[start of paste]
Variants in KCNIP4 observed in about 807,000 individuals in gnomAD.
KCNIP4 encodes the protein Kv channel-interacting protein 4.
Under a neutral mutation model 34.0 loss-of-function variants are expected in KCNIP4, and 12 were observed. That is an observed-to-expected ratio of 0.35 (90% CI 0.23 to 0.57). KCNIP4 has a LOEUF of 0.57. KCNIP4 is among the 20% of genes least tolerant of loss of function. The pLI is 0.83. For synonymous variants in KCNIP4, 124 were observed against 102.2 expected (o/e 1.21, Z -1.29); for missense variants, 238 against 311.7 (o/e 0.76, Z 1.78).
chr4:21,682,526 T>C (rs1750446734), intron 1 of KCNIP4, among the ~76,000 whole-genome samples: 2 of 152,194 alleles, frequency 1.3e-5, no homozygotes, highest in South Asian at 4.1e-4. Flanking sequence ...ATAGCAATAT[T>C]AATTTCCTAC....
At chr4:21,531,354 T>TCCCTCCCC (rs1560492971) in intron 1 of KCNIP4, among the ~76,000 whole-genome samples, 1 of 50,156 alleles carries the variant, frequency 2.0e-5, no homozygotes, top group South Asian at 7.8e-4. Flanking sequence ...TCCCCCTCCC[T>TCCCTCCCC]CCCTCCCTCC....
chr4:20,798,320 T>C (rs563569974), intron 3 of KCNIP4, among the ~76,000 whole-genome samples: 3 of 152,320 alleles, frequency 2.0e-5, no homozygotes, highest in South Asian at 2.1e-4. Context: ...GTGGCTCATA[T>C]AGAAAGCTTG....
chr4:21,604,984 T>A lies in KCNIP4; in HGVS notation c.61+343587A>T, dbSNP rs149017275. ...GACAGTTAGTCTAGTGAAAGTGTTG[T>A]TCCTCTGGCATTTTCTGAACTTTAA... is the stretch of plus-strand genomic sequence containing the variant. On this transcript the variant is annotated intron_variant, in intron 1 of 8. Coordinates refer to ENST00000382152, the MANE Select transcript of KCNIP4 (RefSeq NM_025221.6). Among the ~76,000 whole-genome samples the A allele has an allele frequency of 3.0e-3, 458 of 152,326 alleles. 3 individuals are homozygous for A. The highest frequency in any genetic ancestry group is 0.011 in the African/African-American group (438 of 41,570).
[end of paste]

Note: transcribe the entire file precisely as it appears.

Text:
Variants in KCNIP4 observed in about 807,000 individuals in gnomAD.
KCNIP4 encodes the protein Kv channel-interacting protein 4.
Under a neutral mutation model 34.0 loss-of-function variants are expected in KCNIP4, and 12 were observed. That is an observed-to-expected ratio of 0.35 (90% CI 0.23 to 0.57). KCNIP4 has a LOEUF of 0.57. KCNIP4 is among the 20% of genes least tolerant of loss of function. The pLI is 0.83. For synonymous variants in KCNIP4, 124 were observed against 102.2 expected (o/e 1.21, Z -1.29); for missense variants, 238 against 311.7 (o/e 0.76, Z 1.78).
chr4:21,682,526 T>C (rs1750446734), intron 1 of KCNIP4, among the ~76,000 whole-genome samples: 2 of 152,194 alleles, frequency 1.3e-5, no homozygotes, highest in South Asian at 4.1e-4. Flanking sequence ...ATAGCAATAT[T>C]AATTTCCTAC....
At chr4:21,531,354 T>TCCCTCCCC (rs1560492971) in intron 1 of KCNIP4, among the ~76,000 whole-genome samples, 1 of 50,156 alleles carries the variant, frequency 2.0e-5, no homozygotes, top group South Asian at 7.8e-4. Flanking sequence ...TCCCCCTCCC[T>TCCCTCCCC]CCCTCCCTCC....
chr4:20,798,320 T>C (rs563569974), intron 3 of KCNIP4, among the ~76,000 whole-genome samples: 3 of 152,320 alleles, frequency 2.0e-5, no homozygotes, highest in South Asian at 2.1e-4. Context: ...GTGGCTCATA[T>C]AGAAAGCTTG....
chr4:21,604,984 T>A lies in KCNIP4; in HGVS notation c.61+343587A>T, dbSNP rs149017275. ...GACAGTTAGTCTAGTGAAAGTGTTG[T>A]TCCTCTGGCATTTTCTGAACTTTAA... is the stretch of plus-strand genomic sequence containing the variant. On this transcript the variant is annotated intron_variant, in intron 1 of 8. Coordinates refer to ENST00000382152, the MANE Select transcript of KCNIP4 (RefSeq NM_025221.6). Among the ~76,000 whole-genome samples the A allele has an allele frequency of 3.0e-3, 458 of 152,326 alleles. 3 individuals are homozygous for A. The highest frequency in any genetic ancestry group is 0.011 in the African/African-American group (438 of 41,570).